Little cat feet, that’s the phrase that leaps to mind as I sit in rehearsal watching the dancers of Jacksonville Dance Theatre perform a mirroring exercise. It feels deliberate and full of potential while visually operating across several levels. It’s like a sketchbook page, filled with partially completed drawings that point in the direction of evocative content, but is still unfinished.
The troupe is preparing for its second Dance Love Life concert and fundraising event (so, officially, it’s Dance Love Life Give). It’s a multifaceted event featuring a selection from JDT’s repertoire and a special performance by dancer MaryAnne Aycock. Aycock is a veteran whose work is centered in ballet but stretches across forms and disciplines. “I started dreaming of being a dancer when I saw my first recital, when I was five,” she said.
Aycock has worked across the dance spectrum: She’s studied the Cecchetti method, the Royal Academy of Dance technique, Russian and Balanchine forms. She describes them as “different languages of movement,” under the ballet umbrella. She’s used her education in many different ways, including dance initiatives centered around underserved kids. “I started in North Carolina and [later] had a huge program in Daytona.” After that, she returned to Jacksonville where she taught, and this led to an opportunity to join the dance program at Florida State College at Jacksonville.
At FSCJ, she and Rosemary Fletcher, the woman to whom she’s dedicated the work, Just When We Are Saying There She Goes, Someone is Saying Here She Comes (2019), became fast friends. Together they developed and structured the dance program, and when Fletcher was diagnosed with ovarian cancer, “we walked that walk together, too,” Aycock said.
It was also at FSCJ that Aycock met Rebecca Levy, the artistic director of JDT. Now Aycock, one of the troupe’s first board members, moves from the meeting room to the stage: She not only choreographed There She Goes, Here She Comes, she’ll be dancing it, too. The performance is a meditation on life and death through the lens of the loss of her dear friend. “This piece is talking about the sacredness of death and the sacredness of life. I had this idea to tell this story and collaborator Jen [Walker] is a birth doula and I am a death doula, so we collaborated to make this piece.”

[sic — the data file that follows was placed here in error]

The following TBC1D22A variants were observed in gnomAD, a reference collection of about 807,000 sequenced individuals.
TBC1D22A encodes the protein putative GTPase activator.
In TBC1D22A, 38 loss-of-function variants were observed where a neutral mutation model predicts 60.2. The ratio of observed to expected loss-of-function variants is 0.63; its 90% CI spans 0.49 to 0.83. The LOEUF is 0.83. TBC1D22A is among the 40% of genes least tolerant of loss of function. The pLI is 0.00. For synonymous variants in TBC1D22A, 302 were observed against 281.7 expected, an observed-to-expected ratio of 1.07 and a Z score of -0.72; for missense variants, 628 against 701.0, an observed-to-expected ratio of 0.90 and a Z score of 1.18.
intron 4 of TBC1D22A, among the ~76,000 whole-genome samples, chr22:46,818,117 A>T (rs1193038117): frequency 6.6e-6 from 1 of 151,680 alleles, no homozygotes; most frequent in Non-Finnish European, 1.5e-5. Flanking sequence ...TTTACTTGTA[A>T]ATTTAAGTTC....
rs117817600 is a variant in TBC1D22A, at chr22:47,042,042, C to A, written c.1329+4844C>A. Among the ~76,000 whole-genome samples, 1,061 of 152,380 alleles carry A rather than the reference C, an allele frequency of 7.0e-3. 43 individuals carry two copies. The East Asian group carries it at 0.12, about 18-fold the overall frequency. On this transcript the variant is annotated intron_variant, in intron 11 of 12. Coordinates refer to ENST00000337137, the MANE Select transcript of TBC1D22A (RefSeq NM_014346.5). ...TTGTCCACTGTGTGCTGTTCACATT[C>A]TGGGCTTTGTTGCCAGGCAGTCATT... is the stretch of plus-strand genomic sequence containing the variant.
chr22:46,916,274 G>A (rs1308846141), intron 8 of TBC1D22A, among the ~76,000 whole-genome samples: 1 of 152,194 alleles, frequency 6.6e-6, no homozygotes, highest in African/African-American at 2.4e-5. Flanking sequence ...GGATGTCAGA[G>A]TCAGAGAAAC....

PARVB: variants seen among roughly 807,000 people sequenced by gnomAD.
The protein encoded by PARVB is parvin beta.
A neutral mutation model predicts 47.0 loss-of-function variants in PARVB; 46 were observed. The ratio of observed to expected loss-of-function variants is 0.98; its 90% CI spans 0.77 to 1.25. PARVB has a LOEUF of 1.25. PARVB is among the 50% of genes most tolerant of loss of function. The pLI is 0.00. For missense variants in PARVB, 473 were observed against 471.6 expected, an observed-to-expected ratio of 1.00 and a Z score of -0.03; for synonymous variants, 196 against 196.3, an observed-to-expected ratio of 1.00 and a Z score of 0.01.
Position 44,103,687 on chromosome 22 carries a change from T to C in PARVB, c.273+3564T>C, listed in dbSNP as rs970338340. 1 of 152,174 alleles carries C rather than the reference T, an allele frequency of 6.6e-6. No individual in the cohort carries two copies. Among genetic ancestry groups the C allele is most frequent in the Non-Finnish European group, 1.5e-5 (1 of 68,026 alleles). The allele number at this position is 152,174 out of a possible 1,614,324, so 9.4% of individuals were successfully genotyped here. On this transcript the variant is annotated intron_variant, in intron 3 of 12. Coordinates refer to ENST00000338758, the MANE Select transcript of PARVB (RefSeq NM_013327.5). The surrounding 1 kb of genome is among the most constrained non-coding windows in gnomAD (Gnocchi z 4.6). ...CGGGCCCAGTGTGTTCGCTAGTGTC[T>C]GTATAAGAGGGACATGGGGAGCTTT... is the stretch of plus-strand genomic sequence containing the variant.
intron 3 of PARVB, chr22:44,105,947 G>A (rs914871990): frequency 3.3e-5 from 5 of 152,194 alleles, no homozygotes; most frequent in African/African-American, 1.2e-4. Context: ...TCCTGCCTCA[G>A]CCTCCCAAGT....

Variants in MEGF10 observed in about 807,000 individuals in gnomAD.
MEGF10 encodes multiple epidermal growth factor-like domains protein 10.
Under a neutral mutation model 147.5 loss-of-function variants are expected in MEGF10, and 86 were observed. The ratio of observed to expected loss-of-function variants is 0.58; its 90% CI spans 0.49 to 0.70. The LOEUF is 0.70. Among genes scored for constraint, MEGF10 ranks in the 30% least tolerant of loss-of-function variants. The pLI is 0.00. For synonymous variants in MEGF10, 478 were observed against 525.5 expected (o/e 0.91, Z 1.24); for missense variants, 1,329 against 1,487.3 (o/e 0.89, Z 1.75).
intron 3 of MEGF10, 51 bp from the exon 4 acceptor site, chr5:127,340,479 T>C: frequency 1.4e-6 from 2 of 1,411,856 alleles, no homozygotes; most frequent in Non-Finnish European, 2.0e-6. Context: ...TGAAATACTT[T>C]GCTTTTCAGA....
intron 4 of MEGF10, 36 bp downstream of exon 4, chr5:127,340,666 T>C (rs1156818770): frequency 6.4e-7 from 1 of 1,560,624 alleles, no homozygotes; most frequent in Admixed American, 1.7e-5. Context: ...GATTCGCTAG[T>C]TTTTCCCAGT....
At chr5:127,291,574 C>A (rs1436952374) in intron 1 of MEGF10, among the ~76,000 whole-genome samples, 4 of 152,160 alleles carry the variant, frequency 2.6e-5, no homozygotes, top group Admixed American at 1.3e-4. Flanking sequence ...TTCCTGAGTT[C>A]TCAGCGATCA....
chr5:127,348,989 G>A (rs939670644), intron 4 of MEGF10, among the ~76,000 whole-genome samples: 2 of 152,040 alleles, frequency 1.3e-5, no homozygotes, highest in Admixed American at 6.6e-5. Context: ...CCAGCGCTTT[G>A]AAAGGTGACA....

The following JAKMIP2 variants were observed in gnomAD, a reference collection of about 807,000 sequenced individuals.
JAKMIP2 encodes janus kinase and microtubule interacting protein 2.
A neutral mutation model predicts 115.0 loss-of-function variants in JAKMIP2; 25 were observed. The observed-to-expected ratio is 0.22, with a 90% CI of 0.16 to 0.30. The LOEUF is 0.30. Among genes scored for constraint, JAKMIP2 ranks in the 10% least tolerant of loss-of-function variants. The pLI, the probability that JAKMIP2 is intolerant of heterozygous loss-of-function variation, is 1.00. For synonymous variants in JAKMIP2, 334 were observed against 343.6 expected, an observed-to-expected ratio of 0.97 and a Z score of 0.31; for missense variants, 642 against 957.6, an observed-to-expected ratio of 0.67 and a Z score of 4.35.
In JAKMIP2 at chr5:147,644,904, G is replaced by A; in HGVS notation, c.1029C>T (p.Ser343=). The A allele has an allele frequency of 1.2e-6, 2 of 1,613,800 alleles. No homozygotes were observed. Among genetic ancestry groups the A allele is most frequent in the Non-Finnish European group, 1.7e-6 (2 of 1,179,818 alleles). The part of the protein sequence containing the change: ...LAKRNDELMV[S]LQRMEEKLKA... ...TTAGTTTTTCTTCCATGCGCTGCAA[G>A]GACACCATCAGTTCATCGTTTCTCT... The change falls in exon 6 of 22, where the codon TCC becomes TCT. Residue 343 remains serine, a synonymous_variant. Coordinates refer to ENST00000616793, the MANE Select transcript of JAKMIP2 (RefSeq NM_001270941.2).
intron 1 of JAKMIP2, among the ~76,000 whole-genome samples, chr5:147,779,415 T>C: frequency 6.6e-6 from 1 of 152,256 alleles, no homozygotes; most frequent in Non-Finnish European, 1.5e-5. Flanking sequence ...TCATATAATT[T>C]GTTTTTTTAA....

There She Goes, Here She Comes features five dancers: MaryAnne Aycock, Amber Daniels, Breanna King, Tiffany S. Santeiro and collaborator Jennifer Walker. Two pair of performers, each working together as a unit, with a singular figure just on the edge of the composition, carrying a long white fabric. It’s tempting to surmise that the singular figure alludes to beginnings and endings—the cloth could be a swaddle or shroud. It gestures to the painful balance that exists in the world, and the gifts we are given as participants and witnesses.
For Aycock, there’s beauty in the final transformation death presents. As a death doula, she explained her role, “We’re not medical people, we’re not hospice people, we’re support people: we fill the spaces in between.” When asked specifically what that meant, she said it can take different forms. “A lot of what we do is the emotion part of it, ‘what kind of room do you want to be in, do you want to be in a room with candles or do you want to be left alone; do you want people coming in or not … and when you die, how do you want that to be?”
Though There She Goes, Her She Comes focuses on death, it does not give the impression of heaviness; it does give action and voice to the conflicting feelings present on the edge of death. There is rage, frustration and sadness wed to compassion and acceptance. These moments are presented against a soundscape of womb sounds and heartbeats woven into composer Olafur Arnalds’ music. It is a collapsing, expanding, joyous and tender performance that ultimately, perhaps like death itself, feels like the deep exhalation of release.
In addition to this specifically reflective work, the dance concert also promises a bit of 1990s-flavored nostalgia: Midway through rehearsal, Levy brings out two big bags full of striped crop tops, jean jackets and workout pants. Everyone giggles, digs in, tries things on and remarks on the irresistible aesthetic.
The vibe is excited and light, a counterpoint to the piece itself, Stakes is High (by James Morrow), which is bittersweet rumination on the extraordinary energy (and help) required to get up and through some days. It’s a fascinating work because it evokes the eye-lock intensity of youthful connections and it’s able to chronicle the magnification and reordering of those relationships … we won’t say goodnight indeed.
Just before ending our conversation, Aycock noted with a smile, “I’m 76.” She hops up on the stage without elaborating, and begins the elegant mirroring exercises. It’s an excellent reminder that while a life in art is a life in art … it can be an entire one—and aren’t we the lucky ones?